Another reason to love ReSharper

This post was originally published here.

Whenever I look at a class in code for the first time, I try to figure out what its responsibilities are.  Ideally, I would look at unit tests exercising the public interface.  These unit tests will give me a description of functionality, code showing usage, and most likely some assertions describing and verifying behavior.  If there aren’t any unit tests, I have to resort to figuring out what the code is doing by examining the code (which is about 10 times slower than looking at unit tests).

First off, I’ll look at the using directives at the top of the file.  Using directives can provide a key insight into the behaviors and responsibilities of a class, since the using directives show me what the dependencies are.  For highly cohesive, loosely coupled code, you probably won’t see a ton of using directives, as a general rule of thumb.  I was a little disheartened when I saw these using directives:

using System;
using System.Collections;
using System.ComponentModel;
using System.Data;
using System.Diagnostics;
using System.Web;
using System.Web.Services;
using System.DirectoryServices;
using System.Data.SqlClient;
using System.Drawing;
using System.Drawing.Design;
using System.ComponentModel.Design;
using System.Configuration;
using System.Xml.Serialization;
using System.Xml;
using System.IO;

using GL = System.Globalization;
using CMP = System.IO.Compression;
using MSG = System.Messaging;

using System.Web.SessionState;
using System.Web.UI;
using System.Web.UI.WebControls;
using System.Web.UI.HtmlControls;
using System.Security;
using MyCompany.Commerce.BusinessObjects.Shipping;
using MyCompany.Commerce.Core;
using SCF = MyCompany.Commerce.StoreConfiguration;
using MyCompany.Commerce.Core.BusinessObjectManager;
using SH = MyCompany.Commerce.BusinessObjects.Ecomm.Security.SecurityHelper;
using ctx = MyCompany.Commerce.BusinessObjects.StoreContext;
using MyCompany.Sales.Security;
using MyCompany.Sales.Profile;
using Microsoft.ApplicationBlocks.ExceptionManagement;

Wow.  That’s a lot of using directives.  Boooo.  It looks like this class cares about web services, ADO.NET, XML serialization, IO, session state, and the list goes on and on.  Waaaay too much for one class to care about.  If there were a such thing as code referees, this class would get red carded for a flagrant foul of the Single Responsibility Principle.  Luckily, I have Resharper.

ReSharper to the rescue

ReSharper is pretty much crack for developers.  Once you use it for a week or even a day, you’ll find it nearly impossible to develop without it.  So how did ReSharper help me in this situation?  With a nifty “Optimize using directives” refactoring of course.  The “Optimize using directives” refactoring will remove unused using directives, and can also add new ones where you’ve qualified type names with namespaces.  Here are the using directives after the refactoring:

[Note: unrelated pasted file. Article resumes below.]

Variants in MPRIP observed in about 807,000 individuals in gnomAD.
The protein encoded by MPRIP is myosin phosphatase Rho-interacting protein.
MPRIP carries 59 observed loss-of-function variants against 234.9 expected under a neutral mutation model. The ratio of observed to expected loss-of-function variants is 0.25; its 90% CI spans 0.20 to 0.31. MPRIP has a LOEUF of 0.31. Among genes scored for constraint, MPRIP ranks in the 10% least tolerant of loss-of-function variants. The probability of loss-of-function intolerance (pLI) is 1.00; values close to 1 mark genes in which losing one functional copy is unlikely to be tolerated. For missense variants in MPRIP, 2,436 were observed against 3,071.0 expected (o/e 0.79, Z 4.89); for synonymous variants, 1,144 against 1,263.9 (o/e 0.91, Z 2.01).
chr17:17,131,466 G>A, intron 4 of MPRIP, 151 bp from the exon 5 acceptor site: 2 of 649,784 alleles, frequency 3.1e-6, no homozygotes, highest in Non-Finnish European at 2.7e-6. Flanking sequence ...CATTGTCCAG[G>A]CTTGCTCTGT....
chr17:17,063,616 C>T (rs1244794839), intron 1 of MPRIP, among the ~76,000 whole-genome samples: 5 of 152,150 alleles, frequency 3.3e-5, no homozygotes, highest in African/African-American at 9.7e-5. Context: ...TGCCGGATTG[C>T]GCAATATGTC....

using System;
using System.IO;
using System.Web.Services;
using System.Xml.Serialization;
using System.Web.SessionState;
using System.Web.UI;
using System.Web.UI.HtmlControls;
using System.Web.UI.WebControls;
using BO = MyCompany.Commerce.BusinessObjects;
using Microsoft.ApplicationBlocks.ExceptionManagement;
using MyCompany.Commerce.BusinessObjects.Shipping;
using MyCompany.Commerce.Core;
using SCF = MyCompany.Commerce.StoreConfiguration;
using MyCompany.Commerce.Core.BusinessObjectManager;
using SH = MyCompany.Commerce.BusinessObjects.Ecomm.Security.SecurityHelper;
using ctx = MyCompany.Commerce.BusinessObjects.StoreContext;
using MyCompany.Sales.Security;
using MyCompany.Sales.Profile;

HUGE improvement in readability.  Now I can be fairly certain what the external dependencies of this class are, as we reduced the number of using directives from 34 (!) to 18, around half.  There’s still way too many dependencies, I’d like to see this number reduced to around 5 or so.  ReSharper will also sort the using statements to group common directives together (it doesn’t work for using aliases).  Now it’s not as big a leap as it was before to try and figure out what this class does.  That’s one less ibuprofen I’ll need today :) .  Of course, if this class had been properly unit tested, I wouldn’t need the ibuprofen in the first place, but that’s another story.

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About Jimmy Bogard

I'm a technical architect with Headspring in Austin, TX. I focus on DDD, distributed systems, and any other acronym-centric design/architecture/methodology. I created AutoMapper and am a co-author of the ASP.NET MVC in Action books.
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